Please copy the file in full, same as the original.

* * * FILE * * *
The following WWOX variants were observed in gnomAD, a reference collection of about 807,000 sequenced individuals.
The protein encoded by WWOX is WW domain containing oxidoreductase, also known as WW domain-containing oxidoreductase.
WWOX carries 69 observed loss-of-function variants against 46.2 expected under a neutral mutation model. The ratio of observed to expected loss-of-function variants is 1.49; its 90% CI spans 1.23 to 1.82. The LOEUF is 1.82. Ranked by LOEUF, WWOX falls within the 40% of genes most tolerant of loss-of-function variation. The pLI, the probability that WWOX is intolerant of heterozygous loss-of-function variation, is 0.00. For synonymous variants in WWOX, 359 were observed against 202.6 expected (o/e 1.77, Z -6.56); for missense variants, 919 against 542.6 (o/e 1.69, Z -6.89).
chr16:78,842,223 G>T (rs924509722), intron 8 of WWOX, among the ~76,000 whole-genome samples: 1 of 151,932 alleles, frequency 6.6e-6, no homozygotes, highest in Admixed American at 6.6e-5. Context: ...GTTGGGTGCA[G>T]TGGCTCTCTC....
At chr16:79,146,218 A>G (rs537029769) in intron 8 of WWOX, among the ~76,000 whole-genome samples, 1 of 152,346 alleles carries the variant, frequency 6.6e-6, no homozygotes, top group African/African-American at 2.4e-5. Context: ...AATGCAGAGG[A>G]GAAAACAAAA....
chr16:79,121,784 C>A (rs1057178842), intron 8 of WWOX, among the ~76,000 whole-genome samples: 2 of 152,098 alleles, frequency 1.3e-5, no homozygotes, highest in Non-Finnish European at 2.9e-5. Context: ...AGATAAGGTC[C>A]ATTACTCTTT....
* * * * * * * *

The following WWOX variants were observed in gnomAD, a reference collection of about 807,000 sequenced individuals.
The protein encoded by WWOX is WW domain containing oxidoreductase, also known as WW domain-containing oxidoreductase.
WWOX carries 69 observed loss-of-function variants against 46.2 expected under a neutral mutation model. The ratio of observed to expected loss-of-function variants is 1.49; its 90% CI spans 1.23 to 1.82. The LOEUF is 1.82. Ranked by LOEUF, WWOX falls within the 40% of genes most tolerant of loss-of-function variation. The pLI, the probability that WWOX is intolerant of heterozygous loss-of-function variation, is 0.00. For synonymous variants in WWOX, 359 were observed against 202.6 expected (o/e 1.77, Z -6.56); for missense variants, 919 against 542.6 (o/e 1.69, Z -6.89).
chr16:78,842,223 G>T (rs924509722), intron 8 of WWOX, among the ~76,000 whole-genome samples: 1 of 151,932 alleles, frequency 6.6e-6, no homozygotes, highest in Admixed American at 6.6e-5. Context: ...GTTGGGTGCA[G>T]TGGCTCTCTC....
At chr16:79,146,218 A>G (rs537029769) in intron 8 of WWOX, among the ~76,000 whole-genome samples, 1 of 152,346 alleles carries the variant, frequency 6.6e-6, no homozygotes, top group African/African-American at 2.4e-5. Context: ...AATGCAGAGG[A>G]GAAAACAAAA....
chr16:79,121,784 C>A (rs1057178842), intron 8 of WWOX, among the ~76,000 whole-genome samples: 2 of 152,098 alleles, frequency 1.3e-5, no homozygotes, highest in Non-Finnish European at 2.9e-5. Context: ...AGATAAGGTC[C>A]ATTACTCTTT....